Mycotic false aneurysm caused by local arterial injury from attempted intravenous injections in drug addicts remains a challenging clinical problem. The continued increase in drug abuse has resulted in an increased incidence of this problem, particularly in high-volume urban centres. In the drug-abusing population, mycotic arterial pseudoaneurysms most often occur because of missed venous injection and are typically seen in the groin, axilla, and antecubital fossa. Mycotic aneurysms may lead to life-threatening haemorrhage, limb loss, sepsis, and even death...
March 2009: Cardiovascular and Interventional Radiology
H Scheuerlein, S Ruff, P Haage, H Zirngibl, S Fraunhofer, U Settmacher
BACKGROUND: Drug addiction is a global medical and public health-care problem. Infections of the groin and fossa cubitalis are a common clinical problem in these patients. Severe vascular complications are rare but if they occur, therapy is difficult and requires emergency management and surgery because of bleeding problems. METHODS: In a retrospective case series, we report on patients treated within an emergency setting in our hospital because of groin abscesses with vascular involvement between 2003 and 2006...
February 2008: Zentralblatt Für Chirurgie
Chris Klonaris, Athanasios Katsargyris, Anastasios Papapetrou, George Vourliotakis, Sotiris Tsiodras, Sotiris Georgopoulos, Athanasios Giannopoulos, Elias Bastounis
BACKGROUND: Infected femoral artery pseudoaneurysm (IFAP) is a severe complication in parenteral drug abusers, with difficult and controversial management. Ligation alone without revascularization is frequently associated with later intermittent claudication and limb amputation. Furthermore, arterial reconstruction with a synthetic or venous conduit is limited because of a contaminated field and, often, unavailability of autologous venous grafts. In this study, we present our experience with the internal iliac artery (IIA) as a graft for arterial reconstruction after IFAP excision in these patients...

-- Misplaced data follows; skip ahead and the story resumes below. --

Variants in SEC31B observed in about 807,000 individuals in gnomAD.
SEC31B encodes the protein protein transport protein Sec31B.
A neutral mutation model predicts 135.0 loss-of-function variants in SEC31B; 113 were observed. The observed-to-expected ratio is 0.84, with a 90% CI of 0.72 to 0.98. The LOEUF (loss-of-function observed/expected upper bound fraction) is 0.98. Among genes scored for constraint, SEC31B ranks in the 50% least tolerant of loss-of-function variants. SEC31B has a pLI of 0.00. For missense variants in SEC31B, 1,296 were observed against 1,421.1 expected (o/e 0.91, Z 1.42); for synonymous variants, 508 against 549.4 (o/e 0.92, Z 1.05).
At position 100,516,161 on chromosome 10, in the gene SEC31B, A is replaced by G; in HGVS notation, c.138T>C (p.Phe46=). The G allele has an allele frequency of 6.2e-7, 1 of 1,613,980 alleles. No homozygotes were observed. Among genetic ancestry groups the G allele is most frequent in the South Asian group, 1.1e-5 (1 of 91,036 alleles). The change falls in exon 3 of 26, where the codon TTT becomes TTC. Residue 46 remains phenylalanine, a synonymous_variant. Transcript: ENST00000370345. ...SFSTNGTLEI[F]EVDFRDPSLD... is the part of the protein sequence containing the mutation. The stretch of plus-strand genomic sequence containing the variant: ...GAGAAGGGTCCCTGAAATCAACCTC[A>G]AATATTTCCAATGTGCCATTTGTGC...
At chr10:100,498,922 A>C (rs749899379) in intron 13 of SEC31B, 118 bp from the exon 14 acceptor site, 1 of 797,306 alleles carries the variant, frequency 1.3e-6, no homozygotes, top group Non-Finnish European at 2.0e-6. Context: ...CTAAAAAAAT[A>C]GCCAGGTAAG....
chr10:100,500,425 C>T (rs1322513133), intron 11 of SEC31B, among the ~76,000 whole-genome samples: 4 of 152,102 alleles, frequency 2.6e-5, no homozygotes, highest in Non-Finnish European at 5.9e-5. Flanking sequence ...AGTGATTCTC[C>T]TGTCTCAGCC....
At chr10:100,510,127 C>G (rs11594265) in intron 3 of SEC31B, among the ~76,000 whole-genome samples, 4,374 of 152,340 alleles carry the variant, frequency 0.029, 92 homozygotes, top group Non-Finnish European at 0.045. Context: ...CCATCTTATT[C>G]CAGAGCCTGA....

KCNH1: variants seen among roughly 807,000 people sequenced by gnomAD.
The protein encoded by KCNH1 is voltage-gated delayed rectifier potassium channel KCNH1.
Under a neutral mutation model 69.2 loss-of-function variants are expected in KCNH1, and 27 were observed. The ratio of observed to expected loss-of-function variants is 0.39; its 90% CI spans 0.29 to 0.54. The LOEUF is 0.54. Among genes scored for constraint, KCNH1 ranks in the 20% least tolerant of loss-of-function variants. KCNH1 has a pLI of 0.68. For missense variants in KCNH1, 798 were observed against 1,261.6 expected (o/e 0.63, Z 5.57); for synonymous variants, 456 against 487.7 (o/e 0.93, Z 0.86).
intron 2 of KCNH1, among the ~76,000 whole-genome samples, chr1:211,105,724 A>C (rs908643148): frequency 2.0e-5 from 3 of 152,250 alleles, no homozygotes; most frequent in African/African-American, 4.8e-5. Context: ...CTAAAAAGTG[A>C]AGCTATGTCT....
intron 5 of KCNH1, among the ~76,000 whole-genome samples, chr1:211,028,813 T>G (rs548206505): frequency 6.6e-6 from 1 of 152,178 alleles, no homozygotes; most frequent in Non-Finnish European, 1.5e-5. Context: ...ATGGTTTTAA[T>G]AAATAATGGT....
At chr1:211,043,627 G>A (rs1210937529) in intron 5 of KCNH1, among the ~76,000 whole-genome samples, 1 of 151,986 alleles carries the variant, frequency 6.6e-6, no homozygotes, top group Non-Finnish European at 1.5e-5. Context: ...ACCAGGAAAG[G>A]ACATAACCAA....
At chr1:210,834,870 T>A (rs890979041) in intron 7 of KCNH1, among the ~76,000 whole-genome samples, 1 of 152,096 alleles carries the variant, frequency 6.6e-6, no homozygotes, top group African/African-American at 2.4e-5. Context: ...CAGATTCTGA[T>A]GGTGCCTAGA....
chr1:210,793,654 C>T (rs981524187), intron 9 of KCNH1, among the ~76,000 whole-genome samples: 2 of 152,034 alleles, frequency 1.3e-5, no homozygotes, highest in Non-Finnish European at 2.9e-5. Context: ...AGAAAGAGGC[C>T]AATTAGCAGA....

March 2007: Journal of Vascular Surgery
R-A Yegane, N-A Salehi, A Ghaseminegad, F Bahrami, M Bashashati, M Ahmadi, M Hojjati
OBJECTIVE: To assess the complications related to intravenous drug abuse. DESIGN: Prospective study. METHODS: Intravenous drug abusers (IVDAs) with vascular complications were assessed. RESULTS: Sixty-two patients presented with swelling and tenderness in the groin, and 3 patients with similar lesions in the cubital fossa. Infected pseudoaneurysms and deep vein thrombosis (DVTs) were diagnosed in 41 and 31 patients respectively (27 patients had both lesions)...
October 2006: European Journal of Vascular and Endovascular Surgery
S A Naqi, H M Khan, S Akhtar, T A Shah
PURPOSE: To present a series of patients presenting with femoral pseudoaneurysm. RESULTS: Seventeen patients who presented with a femoral pseudoaneurysm during a 1 year period were included in this study. Parenteral drug abuse was the most common aetiological factor. The femoral artery was most commonly involved at its bifurcation. Sixteen patients (94%) had excision of the pseudoaneurysm with ligation of vessel and debridement without any revascularization and one patient (6%) had reverse saphenous grafting after excision and ligation of vessels...
June 2006: European Journal of Vascular and Endovascular Surgery
Xiangyu Zhou, Yanzheng He, Ping Yuan
OBJECTIVE: To evaluate surgical treatment of infected pseudoaneurysm (PA) caused by injection of addictive drugs. METHODS: The clinical data of 17 cases of infected PA caused by drug injection were reviewed retrospectively. Of them, 1 case was female, and the other 16 cases were male, aging 24-38 years. The locations were brachial artery in 1 case and femoral artery in 16 cases. Fourteen cases were treated by artificial blood vessel transplantation after resection of the aneurysm and radical debridement, 1 case by amputation for serious infection, and 2 cases by non-operation for different reasons...
August 2005: Chinese Journal of Reparative and Reconstructive Surgery
Jian-wen Li, San-ming Wang, Xiao-dong Chen
OBJECTIVE: To study surgical management for patients with femoral pseudoaneurysm resulting from addictive drug injection. METHODS: Clinical data of 34 patients with femoral pseudoaneurysm resulting from addictive drug injection were retrospectively reviewed. RESULTS: Thirteen patients underwent bypass graft (end to side) of external iliac artery and superficial femoral artery using expanded polytetrafluoroethylene (ePTFE). Three patients who had an autogenous saphenous vein graft in situs, one of whom was then performed an ePTFE graft when rupture and bleeding occurred at the anastomotic site...